The fate of ABC's For Life is up in the air after its Season 2 finale. The network hasn't yet renewed For Life for Season 3, and its viewership numbers may not be strong enough to make a compelling case for its continuation. According to TVSeriesFinale, the show's ratings have slipped about 26% from Season 1's average of 2.5 million viewers per episode to around 1.8 million. It's also ABC's lowest performing scripted series. However, last year it was the second-lowest series and it still pulled out a renewal thanks to a strong digital viewership, according to Deadline.
ABC may also seek to bring the show back for more episodes as it covers some very important social justice issues. For Life is based on the true story of Isaac Wright Jr., who was wrongly convicted on drug charges in 1991 and worked to become a lawyer in prison to help his fellow inmates with their court cases. Wright Jr. eventually helped exonerate himself in 1996.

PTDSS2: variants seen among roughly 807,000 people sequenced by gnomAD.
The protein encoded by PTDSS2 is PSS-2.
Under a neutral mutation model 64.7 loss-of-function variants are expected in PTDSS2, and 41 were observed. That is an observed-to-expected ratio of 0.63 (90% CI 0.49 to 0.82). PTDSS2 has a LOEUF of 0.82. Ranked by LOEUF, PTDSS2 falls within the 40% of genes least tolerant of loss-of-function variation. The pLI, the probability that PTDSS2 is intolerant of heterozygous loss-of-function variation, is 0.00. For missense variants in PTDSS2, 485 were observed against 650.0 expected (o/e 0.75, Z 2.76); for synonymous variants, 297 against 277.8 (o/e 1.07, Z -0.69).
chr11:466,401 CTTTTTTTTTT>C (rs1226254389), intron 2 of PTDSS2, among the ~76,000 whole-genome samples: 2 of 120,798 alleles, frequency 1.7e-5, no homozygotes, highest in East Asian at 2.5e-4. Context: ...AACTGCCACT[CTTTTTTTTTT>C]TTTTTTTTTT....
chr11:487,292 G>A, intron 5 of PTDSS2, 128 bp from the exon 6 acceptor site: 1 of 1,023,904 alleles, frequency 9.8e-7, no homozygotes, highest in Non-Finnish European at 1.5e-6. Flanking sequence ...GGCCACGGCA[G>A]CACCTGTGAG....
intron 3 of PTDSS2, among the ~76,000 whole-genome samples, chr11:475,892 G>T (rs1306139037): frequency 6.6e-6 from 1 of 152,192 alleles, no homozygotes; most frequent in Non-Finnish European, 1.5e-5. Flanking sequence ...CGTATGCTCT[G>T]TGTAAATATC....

For Life condensed Isaac's multiple years in prison into just one season, with the character of Aaron Wallace getting out in the first episode of Season 2. But just because the show is flying through Wright Jr.'s real life story doesn't mean it's running out of plot lines. Nicholas Pinnock, who plays Aaron, told TV Line that there's just as much to explore with regards to Aaron's post-prison life.
"There is the weight of everything that he went through last season, but with the added responsibility of who he is now as a husband and a father, which is something we explore a lot more … than we were able to in Season 1," Pinnock said. He added, "There are certain prison aspects of Aaron that are still with him now that he's on the outside ... He's having to adapt — and that adaptation puts on him a weight of its own."
If ABC does decide to keep telling Aaron's story, a renewal could come sometime in March, since Season 2 was picked up about a month after the Season 1 finale. In the event of a renewal, it's likely to remain a fall show, possibly coming back in September 2021 if television production schedules stay on track.